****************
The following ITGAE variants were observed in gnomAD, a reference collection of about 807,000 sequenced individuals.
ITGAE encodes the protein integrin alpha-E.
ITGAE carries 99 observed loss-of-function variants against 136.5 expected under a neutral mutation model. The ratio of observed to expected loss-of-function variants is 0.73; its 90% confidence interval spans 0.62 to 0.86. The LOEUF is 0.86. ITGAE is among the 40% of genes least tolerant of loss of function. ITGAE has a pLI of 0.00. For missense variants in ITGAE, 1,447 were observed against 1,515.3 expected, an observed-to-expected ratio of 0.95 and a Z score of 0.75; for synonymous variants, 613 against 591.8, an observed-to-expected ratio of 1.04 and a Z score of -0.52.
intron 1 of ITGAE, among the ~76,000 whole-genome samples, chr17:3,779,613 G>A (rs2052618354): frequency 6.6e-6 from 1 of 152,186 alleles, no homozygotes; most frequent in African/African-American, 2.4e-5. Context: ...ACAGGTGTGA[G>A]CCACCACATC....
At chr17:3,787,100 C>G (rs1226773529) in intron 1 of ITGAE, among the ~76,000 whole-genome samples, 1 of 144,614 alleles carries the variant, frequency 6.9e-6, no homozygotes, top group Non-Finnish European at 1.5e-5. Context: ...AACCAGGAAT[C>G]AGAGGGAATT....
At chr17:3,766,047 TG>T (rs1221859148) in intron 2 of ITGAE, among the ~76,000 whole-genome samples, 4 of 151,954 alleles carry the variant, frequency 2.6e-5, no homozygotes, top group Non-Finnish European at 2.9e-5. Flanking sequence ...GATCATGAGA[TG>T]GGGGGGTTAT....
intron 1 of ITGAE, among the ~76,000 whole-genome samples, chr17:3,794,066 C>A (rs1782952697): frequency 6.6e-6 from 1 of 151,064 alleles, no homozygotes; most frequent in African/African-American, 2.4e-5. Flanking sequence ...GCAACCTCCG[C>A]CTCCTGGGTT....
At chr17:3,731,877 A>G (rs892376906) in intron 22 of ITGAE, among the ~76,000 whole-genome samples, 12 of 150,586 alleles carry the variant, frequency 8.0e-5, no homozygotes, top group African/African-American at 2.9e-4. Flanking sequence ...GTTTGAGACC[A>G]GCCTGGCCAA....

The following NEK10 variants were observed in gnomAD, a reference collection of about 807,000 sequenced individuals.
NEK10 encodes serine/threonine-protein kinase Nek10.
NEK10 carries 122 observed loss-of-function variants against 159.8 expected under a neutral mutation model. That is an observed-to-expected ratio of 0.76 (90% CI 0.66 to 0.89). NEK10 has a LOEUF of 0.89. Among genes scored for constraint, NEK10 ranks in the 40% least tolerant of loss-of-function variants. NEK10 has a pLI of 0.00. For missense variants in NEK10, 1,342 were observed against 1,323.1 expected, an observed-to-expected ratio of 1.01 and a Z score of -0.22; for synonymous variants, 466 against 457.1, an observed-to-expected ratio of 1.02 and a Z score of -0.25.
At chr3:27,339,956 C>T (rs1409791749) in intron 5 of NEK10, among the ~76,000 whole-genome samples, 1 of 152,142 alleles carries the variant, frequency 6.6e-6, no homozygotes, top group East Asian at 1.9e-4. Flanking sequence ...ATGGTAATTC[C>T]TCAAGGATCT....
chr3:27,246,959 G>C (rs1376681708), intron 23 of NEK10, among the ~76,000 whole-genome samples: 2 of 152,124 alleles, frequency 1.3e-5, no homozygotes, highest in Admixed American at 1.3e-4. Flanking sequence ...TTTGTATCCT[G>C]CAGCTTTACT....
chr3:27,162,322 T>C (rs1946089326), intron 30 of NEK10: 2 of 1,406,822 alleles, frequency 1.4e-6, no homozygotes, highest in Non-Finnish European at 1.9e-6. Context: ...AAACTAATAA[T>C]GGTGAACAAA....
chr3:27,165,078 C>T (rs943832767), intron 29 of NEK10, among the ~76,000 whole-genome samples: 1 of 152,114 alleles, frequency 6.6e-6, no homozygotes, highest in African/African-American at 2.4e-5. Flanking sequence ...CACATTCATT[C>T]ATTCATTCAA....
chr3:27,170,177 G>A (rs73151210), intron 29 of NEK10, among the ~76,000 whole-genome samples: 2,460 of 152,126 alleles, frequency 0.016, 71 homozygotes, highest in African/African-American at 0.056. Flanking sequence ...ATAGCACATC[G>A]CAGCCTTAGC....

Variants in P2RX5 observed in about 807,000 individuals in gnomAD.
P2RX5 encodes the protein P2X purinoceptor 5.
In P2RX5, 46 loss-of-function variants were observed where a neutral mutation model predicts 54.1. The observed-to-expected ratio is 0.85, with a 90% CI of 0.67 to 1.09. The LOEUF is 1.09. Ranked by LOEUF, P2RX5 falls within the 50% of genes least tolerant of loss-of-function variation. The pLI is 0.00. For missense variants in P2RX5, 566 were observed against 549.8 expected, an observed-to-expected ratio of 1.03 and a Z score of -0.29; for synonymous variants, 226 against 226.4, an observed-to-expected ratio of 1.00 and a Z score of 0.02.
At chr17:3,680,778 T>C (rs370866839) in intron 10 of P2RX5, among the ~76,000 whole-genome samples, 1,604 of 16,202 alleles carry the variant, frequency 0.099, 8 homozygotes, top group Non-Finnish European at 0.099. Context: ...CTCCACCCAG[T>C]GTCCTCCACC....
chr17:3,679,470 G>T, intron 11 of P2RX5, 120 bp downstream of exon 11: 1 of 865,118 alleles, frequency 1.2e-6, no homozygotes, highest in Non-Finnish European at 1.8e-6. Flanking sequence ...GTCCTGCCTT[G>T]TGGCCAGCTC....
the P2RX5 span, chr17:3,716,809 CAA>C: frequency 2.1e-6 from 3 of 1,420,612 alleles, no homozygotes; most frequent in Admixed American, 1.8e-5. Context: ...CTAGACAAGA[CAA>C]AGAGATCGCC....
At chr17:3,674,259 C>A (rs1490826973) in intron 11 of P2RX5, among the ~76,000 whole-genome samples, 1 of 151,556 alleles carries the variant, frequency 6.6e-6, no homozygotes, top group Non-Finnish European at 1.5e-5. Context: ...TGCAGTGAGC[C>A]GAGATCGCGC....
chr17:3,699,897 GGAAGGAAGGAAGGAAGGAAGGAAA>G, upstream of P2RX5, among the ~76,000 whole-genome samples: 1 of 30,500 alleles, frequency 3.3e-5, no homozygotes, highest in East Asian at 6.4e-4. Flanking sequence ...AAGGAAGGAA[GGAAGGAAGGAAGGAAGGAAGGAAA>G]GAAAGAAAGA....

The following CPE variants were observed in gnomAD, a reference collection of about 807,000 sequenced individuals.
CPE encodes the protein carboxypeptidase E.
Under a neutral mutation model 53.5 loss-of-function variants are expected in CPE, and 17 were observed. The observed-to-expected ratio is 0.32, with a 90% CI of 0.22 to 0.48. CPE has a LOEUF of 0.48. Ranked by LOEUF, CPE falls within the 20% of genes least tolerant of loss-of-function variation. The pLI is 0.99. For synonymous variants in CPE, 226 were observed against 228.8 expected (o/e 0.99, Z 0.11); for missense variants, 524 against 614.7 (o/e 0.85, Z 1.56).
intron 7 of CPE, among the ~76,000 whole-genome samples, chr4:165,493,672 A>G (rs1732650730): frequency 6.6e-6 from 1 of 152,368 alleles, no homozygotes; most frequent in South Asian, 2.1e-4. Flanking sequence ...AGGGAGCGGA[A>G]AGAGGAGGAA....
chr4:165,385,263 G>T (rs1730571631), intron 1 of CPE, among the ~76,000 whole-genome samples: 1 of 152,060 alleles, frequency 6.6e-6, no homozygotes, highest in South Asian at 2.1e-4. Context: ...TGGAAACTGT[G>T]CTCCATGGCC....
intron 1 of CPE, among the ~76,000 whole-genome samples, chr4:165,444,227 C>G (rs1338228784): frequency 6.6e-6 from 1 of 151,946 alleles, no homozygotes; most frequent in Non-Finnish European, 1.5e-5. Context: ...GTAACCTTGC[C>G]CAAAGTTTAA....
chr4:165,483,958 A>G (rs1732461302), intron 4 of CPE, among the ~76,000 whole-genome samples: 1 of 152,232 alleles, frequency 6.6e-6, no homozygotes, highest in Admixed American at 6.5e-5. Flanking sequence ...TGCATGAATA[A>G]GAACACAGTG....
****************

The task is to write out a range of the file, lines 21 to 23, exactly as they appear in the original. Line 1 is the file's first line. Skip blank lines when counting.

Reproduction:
chr17:3,679,470 G>T, intron 11 of P2RX5, 120 bp downstream of exon 11: 1 of 865,118 alleles, frequency 1.2e-6, no homozygotes, highest in Non-Finnish European at 1.8e-6. Flanking sequence ...GTCCTGCCTT[G>T]TGGCCAGCTC....
the P2RX5 span, chr17:3,716,809 CAA>C: frequency 2.1e-6 from 3 of 1,420,612 alleles, no homozygotes; most frequent in Admixed American, 1.8e-5. Context: ...CTAGACAAGA[CAA>C]AGAGATCGCC....
At chr17:3,674,259 C>A (rs1490826973) in intron 11 of P2RX5, among the ~76,000 whole-genome samples, 1 of 151,556 alleles carries the variant, frequency 6.6e-6, no homozygotes, top group Non-Finnish European at 1.5e-5. Context: ...TGCAGTGAGC[C>A]GAGATCGCGC....